Yolanda Gonzalez

Instituto Nacional de Enfermedades Respiratorias, Ciudad de México, The Federal District, Mexico

Are you Yolanda Gonzalez?

Claim your profile

Publications (6)23.15 Total impact

  • [Show abstract] [Hide abstract]
    ABSTRACT: The efficacy of the H1N1 influenza vaccine relies on the induction of both humoral and cellular responses. This study evaluated the humoral and cellular responses to a monovalent non-adjuvanted pandemic influenza A/H1N1 vaccine in occupationally exposed subjects who were previously vaccinated with a seasonal vaccine. Sixty healthy workers from a respiratory disease hospital were recruited. Sera and peripheral blood mononuclear cells (PBMCs) were obtained prior to and 1 month after vaccination with a non-adjuvanted monovalent 2009 H1N1 vaccine (Influenza A (H1N1) 2009 Monovalent Vaccine Panenza, Sanofi Pasteur). Antibody titers against the pandemic A/H1N1 influenza virus were measured via hemagglutination inhibition (HI) and microneutralization assays. Antibodies against the seasonal HA1 were assessed by ELISA. The frequency of IFN-gamma-producing cells as well as CD4+ and CD8+ T cell proliferation specific to the pandemic virus A/H1N peptides, seasonal H1N1 peptides and seasonal H3N2 peptides were assessed using ELISPOT and flow cytometry. At baseline, 6.7% of the subjects had seroprotective antibody titers. The seroconversion rate was 48.3%, and the seroprotection rate was 66.7%. The geometric mean titers (GMTs) were significantly increased (from 6.8 to 64.9, p < 0.05). Forty-nine percent of the subjects had basal levels of specific IFN-gamma-producing T cells to the pandemic A/H1N1 peptides that were unchanged post-vaccination. CD4+ T cell proliferation in response to specific pandemic A/H1N1 virus peptides was also unchanged; in contrast, the antigen-specific proliferation of CD8+ T cells significantly increased post-vaccination. Our results indicate that a cellular immune response that is cross-reactive to pandemic influenza antigens may be present in populations exposed to the circulating seasonal influenza virus prior to pandemic or seasonal vaccination. Additionally, we found that the pandemic vaccine induced a significant increase in CD8+ T cell proliferation.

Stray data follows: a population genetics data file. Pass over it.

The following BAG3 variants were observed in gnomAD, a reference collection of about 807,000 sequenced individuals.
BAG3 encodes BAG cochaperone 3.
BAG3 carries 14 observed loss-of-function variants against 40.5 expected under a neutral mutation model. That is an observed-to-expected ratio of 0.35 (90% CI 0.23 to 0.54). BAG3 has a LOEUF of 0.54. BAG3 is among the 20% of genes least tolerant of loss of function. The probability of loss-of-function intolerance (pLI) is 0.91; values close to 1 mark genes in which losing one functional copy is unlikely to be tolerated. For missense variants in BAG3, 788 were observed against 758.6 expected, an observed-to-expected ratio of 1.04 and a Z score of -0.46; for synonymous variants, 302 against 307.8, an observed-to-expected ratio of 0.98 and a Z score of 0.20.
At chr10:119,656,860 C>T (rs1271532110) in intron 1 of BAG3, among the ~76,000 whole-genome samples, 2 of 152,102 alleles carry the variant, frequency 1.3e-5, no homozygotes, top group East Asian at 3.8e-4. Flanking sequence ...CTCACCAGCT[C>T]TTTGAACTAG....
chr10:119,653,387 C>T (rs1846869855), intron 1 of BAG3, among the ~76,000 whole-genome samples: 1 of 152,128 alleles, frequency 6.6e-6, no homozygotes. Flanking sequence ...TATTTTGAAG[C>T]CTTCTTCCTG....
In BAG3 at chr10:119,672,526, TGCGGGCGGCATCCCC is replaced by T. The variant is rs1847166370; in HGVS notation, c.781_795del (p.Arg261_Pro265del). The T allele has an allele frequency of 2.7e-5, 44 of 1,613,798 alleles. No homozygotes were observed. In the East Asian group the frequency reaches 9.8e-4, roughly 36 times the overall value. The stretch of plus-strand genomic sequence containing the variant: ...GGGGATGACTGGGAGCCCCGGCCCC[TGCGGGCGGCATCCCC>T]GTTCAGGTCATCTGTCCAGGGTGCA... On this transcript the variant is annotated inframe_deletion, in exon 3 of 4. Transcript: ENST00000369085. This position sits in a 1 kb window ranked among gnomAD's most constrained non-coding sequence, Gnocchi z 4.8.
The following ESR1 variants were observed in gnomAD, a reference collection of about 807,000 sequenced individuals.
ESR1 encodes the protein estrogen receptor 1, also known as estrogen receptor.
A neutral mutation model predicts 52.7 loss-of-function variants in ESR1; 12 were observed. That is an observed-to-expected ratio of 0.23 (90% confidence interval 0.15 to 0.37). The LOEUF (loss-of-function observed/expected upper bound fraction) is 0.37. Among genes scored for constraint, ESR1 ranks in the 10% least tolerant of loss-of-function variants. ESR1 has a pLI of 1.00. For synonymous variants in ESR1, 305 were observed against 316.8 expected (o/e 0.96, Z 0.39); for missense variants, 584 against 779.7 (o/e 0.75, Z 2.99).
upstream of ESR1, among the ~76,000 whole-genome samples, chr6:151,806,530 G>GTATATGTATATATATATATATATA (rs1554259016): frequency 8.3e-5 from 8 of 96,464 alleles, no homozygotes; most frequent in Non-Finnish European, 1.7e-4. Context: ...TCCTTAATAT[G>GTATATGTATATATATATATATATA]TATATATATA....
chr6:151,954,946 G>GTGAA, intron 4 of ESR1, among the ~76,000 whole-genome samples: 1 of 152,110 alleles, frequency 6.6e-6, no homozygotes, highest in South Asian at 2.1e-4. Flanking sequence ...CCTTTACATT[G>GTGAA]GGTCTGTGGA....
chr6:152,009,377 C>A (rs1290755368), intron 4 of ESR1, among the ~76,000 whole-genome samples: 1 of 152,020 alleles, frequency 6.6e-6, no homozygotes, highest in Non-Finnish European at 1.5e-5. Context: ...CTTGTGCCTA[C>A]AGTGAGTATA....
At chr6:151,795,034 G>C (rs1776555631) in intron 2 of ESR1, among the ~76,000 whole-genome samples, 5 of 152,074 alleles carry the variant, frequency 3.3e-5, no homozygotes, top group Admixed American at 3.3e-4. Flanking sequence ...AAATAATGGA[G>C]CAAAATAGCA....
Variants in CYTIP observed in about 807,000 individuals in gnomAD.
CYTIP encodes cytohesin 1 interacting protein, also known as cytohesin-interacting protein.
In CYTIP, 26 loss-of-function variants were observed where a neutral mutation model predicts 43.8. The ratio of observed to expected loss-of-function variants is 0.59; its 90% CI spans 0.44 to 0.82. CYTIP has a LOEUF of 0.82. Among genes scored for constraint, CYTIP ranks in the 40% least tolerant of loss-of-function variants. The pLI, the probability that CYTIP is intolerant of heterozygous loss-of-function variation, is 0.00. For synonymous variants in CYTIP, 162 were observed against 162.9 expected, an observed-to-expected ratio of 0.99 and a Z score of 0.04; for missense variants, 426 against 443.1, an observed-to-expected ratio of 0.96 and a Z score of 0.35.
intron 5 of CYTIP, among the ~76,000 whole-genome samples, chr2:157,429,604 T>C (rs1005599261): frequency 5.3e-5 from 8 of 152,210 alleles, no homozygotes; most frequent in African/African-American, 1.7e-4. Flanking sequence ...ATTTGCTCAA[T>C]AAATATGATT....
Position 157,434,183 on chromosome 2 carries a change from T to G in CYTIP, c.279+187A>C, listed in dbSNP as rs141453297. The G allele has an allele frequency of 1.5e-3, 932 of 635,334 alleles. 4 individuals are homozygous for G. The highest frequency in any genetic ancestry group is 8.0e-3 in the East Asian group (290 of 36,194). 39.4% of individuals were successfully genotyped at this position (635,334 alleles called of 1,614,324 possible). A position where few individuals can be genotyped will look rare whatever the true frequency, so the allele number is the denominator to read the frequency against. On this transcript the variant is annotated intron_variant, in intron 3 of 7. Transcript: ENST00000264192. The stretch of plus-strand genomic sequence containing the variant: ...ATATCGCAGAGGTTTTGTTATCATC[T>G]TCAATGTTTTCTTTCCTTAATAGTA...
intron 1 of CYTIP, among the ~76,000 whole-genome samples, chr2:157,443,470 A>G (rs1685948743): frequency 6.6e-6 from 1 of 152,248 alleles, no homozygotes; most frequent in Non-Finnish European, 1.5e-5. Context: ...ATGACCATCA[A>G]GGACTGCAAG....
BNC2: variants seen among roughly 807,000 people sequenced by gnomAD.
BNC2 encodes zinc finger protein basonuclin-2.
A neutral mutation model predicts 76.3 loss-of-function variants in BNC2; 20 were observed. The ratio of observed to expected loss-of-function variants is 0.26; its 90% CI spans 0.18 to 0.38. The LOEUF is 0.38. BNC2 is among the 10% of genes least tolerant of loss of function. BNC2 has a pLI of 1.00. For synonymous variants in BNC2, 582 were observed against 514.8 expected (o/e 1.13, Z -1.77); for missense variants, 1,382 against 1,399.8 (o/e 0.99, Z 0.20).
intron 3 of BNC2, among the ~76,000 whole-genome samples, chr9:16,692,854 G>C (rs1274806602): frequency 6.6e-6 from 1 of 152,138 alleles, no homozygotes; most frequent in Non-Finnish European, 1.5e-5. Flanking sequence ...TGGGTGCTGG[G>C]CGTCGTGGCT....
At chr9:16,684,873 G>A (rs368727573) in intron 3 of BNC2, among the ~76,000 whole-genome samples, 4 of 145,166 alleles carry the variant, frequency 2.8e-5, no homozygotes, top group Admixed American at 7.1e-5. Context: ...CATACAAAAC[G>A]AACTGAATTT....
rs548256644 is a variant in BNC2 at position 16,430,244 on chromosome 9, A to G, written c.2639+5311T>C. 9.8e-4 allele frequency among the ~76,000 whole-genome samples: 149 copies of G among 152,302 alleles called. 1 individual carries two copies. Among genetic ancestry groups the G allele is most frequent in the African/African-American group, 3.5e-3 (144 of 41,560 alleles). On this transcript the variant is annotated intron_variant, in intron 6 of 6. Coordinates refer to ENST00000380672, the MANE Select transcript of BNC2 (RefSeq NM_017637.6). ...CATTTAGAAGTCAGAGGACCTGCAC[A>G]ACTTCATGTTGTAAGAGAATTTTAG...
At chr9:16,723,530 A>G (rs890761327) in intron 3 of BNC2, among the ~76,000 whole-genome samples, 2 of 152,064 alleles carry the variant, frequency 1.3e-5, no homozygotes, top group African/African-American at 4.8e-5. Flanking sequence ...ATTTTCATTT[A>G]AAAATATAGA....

BMC Infectious Diseases 11/2013; 13(1):544. · 3.03 Impact Factor
  • Source
    [Show abstract] [Hide abstract]
    ABSTRACT: Nordihydroguaiaretic acid (NDGA) is a natural lignan with recognized antioxidant and beneficial properties that is isolated from Larrea tridentata. In this study, we evaluated the effect of NDGA on the downregulation of oxidant stress-induced CD33 in human monocytes (MNs). Oxidative stress was induced by iodoacetate (IAA) or hydrogen peroxide (H2O2) and was evaluated using reactive oxygen species (ROS) production, and cell viability. NDGA attenuates toxicity, ROS production and the oxidative stress-induced decrease of CD33 expression secondary to IAA or H2O2 in human MNs. It was also shown that NDGA (20 μ M) attenuates cell death in the THP-1 cell line that is caused by treatment with either IAA or H2O2. These results suggest that NDGA has a protective effect on CD33 expression, which is associated with its antioxidant activity in human MNs.
    Oxidative Medicine and Cellular Longevity 01/2013; 2013:375893.
  • Source
    [Show abstract] [Hide abstract]